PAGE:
Christians love sin.
I’m convinced that Christians like sin way more than anyone who doesn’t believe in God. We always talk about it, think about it, do it, avoid it…
Christians like sin because we have forgiveness. But we also like to sin more than most. We like sin because we like definitions, lines to but up against, lines in the sand to tip-toe up against. To see how much we can get away with. This is not what God had in mind with the Law, the 10 Commandments, or when he sent Jesus to give the Sermon on the Mount. It’s this same ridiculous mindset that results in us asking questions like, “How far is too far?”
We talked about it a couple days ago. As if we my finally discover some secret loophole. “We did it guys! We finally found a way to trick God! We figured out how to do the stuff that feels like sinning, but without the consequences!”
Stop searching for a loophole. We don’t need one. Because we have Jesus.
Jesus is not your accuser.
Jesus is your advocate.
There’s a beautiful story of a group of pastors and religious leaders who brought a woman to Jesus. Like a dog bringing their master a dead bird, they excitedly sat the woman down in front of Jesus. They described to Jesus her sin, her promiscuity, and her infidelity. And the law of the time commanded than anyone caught in adultery would be killed. Jesus ignored them. But the religious folk couldn’t leave well enough alone. Finally, Jesus uttered his now infamous phrase, “Let he who is without sin cast the first stone.” One by one, the men who had brought the women to Jesus, slowly left. Jesus then stood and addressed the woman and asked her, “Where are your accusers? If no one condemns you, than neither do I.” And then he added, “Go and sin no more.”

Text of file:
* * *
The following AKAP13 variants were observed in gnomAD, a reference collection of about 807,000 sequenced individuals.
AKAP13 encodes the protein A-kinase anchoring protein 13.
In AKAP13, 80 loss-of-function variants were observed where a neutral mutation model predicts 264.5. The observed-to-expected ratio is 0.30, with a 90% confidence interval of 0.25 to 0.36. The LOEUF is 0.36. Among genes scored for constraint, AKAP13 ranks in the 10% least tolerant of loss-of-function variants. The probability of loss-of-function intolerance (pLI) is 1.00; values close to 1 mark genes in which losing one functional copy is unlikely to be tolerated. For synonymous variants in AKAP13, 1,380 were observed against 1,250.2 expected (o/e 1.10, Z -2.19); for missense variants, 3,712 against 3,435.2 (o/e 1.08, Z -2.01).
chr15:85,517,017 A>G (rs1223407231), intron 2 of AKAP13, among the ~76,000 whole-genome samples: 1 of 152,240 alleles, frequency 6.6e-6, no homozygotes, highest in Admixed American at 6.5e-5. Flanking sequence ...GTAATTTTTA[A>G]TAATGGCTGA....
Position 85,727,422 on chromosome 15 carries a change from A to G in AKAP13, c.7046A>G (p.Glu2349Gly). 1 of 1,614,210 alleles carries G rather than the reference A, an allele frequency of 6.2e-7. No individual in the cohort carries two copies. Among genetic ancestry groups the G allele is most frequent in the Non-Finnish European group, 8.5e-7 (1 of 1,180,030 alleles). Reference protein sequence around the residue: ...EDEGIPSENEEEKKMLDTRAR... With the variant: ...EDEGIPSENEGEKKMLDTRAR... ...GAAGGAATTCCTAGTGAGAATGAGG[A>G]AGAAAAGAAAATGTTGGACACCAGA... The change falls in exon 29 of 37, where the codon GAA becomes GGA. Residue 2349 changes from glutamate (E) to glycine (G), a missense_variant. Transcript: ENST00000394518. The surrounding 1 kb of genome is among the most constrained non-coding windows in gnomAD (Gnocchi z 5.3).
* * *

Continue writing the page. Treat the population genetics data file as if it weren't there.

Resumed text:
If we are honest, it’s a lot easier to play the role of the accuser. Maybe we’ve never held a weapon in our hands ready to condemn, but we have all had the attitude of an accuser. How often have I uttered that he or she deserves this or that? That’s not what Jesus is doing in this story. He shouting to everyone, “I didn’t come to bring accusation, I am here to bring you grace!”
It’s grace that sets people free, not laws, not customs, not legalism, not check lists, not constantly harping on hell. (I think we Christian’s love our hell just as much as we love our sin, just look at some of the comments on my last post).
Jesus is a lot more interested in love and grace than sin. Shouldn’t we?
What would our lives look like if we focused on love and grace? What would happen If we took up the attitude of an advocate? And stopped condemning sinner’s to hell, stopped casting verbal stones by using out of context scriptures, and focussed more on love, grace, and relationship. Rather than laws, rules, and condemnation.
“Our identity as the holy people of God is not defined by a list of things we don’t do, but the ways in which we actively and sometimes scandalously incarnate the love, grace, hope, and healing of God to a lost and dying world.” – Zack Hunt
Jesus said he came to give us life. Rich, beautiful, generous life. What would happen if we actually believe that?
This post was co-written with Andrew Steven.
You can see more of his thoughts on andrewsteven.com